COE prices rise across the board as bidding resumes

Motor traders say the increases in certificate of entitlement (COE) prices - which come after a three-month suspension in bidding - were fuelled by pent-up demand, which was partially cooled by a slight increase in COE supply.
Motor traders say the increases in certificate of entitlement (COE) prices - which come after a three-month suspension in bidding - were fuelled by pent-up demand, which was partially cooled by a slight increase in COE supply.ST PHOTO: CHONG JUN LIANG

Certificate of entitlement (COE) prices ended higher across the board at the latest tender yesterday - the first after a three-month suspension.

Bidding was put on ice from April to last month when non-essential businesses were closed to stem transmission of the coronavirus.

When bidding ended at 4pm yesterday, the COE price for cars up to 1,600cc and 130bhp closed at $33,520, 7.4 per cent higher than its previous close in March.

The COE price for cars above 1,600cc or 130bhp finished 19.6 per cent higher at $35,889.

The price for the Open COE - which can be used for any vehicle type except motorcycles but which ends up mostly for bigger cars - closed 7.7 per cent higher at $34,989.

The commercial vehicle COE price rose 11.4 per cent to end at $24,502.

Motor traders said the increases were fuelled by pent-up demand, which was partially cooled by a slight increase in COE supply.

Even though the number of bids received doubled, premiums rose by no more than 20 per cent, to return to where they were in January.

"The results were pretty much within expectation," said multi-franchise group Jardine Cycle & Carriage's managing director (direct motor interests), Mr Eric Chan.

Another reason for the relatively subdued increase was that cars were priced with thin margins.

Nissan agent Tan Chong Motor's sales and marketing head, Mr Ron Lim, said there seems to be "a sense of desperation" among dealers who were out to secure COEs "at all cost just to move their stock".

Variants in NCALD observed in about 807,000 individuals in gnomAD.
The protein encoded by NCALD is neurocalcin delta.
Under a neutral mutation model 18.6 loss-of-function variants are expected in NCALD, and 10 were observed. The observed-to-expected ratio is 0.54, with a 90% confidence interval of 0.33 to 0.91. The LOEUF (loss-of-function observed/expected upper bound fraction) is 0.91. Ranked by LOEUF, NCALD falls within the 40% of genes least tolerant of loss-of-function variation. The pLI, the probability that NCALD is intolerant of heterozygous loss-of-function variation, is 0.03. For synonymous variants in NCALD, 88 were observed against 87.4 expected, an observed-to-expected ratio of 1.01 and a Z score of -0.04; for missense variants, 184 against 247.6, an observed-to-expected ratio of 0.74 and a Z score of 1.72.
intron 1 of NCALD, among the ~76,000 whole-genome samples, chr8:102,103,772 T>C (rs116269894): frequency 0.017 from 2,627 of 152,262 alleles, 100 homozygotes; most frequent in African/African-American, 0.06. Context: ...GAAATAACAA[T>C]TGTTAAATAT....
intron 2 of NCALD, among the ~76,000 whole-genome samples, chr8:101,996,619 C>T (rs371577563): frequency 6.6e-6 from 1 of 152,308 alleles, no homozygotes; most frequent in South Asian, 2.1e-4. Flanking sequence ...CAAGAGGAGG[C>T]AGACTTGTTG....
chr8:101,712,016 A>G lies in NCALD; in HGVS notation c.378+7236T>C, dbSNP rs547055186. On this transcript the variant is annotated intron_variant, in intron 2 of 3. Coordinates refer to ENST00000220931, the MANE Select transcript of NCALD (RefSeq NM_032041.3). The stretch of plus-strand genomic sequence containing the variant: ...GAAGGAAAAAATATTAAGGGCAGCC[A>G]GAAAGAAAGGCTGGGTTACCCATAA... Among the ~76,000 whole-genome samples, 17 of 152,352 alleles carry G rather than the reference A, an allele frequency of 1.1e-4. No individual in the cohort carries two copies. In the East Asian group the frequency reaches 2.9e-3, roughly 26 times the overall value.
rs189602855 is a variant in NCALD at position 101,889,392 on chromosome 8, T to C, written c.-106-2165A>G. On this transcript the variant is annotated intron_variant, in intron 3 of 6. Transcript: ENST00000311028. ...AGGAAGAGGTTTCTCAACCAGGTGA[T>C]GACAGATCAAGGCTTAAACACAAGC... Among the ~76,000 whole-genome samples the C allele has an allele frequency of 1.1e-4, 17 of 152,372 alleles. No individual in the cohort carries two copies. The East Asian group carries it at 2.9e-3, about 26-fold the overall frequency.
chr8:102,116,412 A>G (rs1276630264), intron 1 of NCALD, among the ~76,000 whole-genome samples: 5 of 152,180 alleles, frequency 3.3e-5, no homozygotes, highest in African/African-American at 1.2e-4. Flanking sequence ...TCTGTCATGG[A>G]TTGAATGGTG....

He noted that many cars were in fact priced $5,000 to $10,000 lower than they were in March.

"So definitely no margins to be made," he said, adding that storage cost and arrival of new shipments added pressure on dealers to clear existing stock.

The picture was starkly different for the motorcycle COE, though. The price soared by 71.6 per cent to end at $7,702 - the highest in over two years, and not far from the record of $8,451 in February 2018.

Dealers said the wild bids were in part due to motorcycle COEs being transferable, valid for six months and requiring a deposit of only $200.

Mr Nicholas Wong, general manager of Honda agent Kah Motor, said: "If you don't have a COE, you cannot even sell bikes. Six months down the road, if you can't find a buyer, you just let the COE lapse and forfeit $200."

Car COEs, on the other hand, requires a deposit of $10,000 each. They are valid for three months and are not transferable. "The bidding behaviour is very different," Mr Wong noted.

Meanwhile, dealers expect car COEs to soften in the coming months.

"The high COE is going to dampen demand for the next two weeks," said Ms Jasmmine Wong, chief executive of Inchcape Greater China and Singapore.

Mr Neo Nam Heng, chairman of diversified motor group Prime, said: "I'm very confident that in the next two to three biddings, COE prices will ease."

A version of this article appeared in the print edition of The Straits Times on July 09, 2020, with the headline 'COE prices rise across the board as bidding resumes'. Subscribe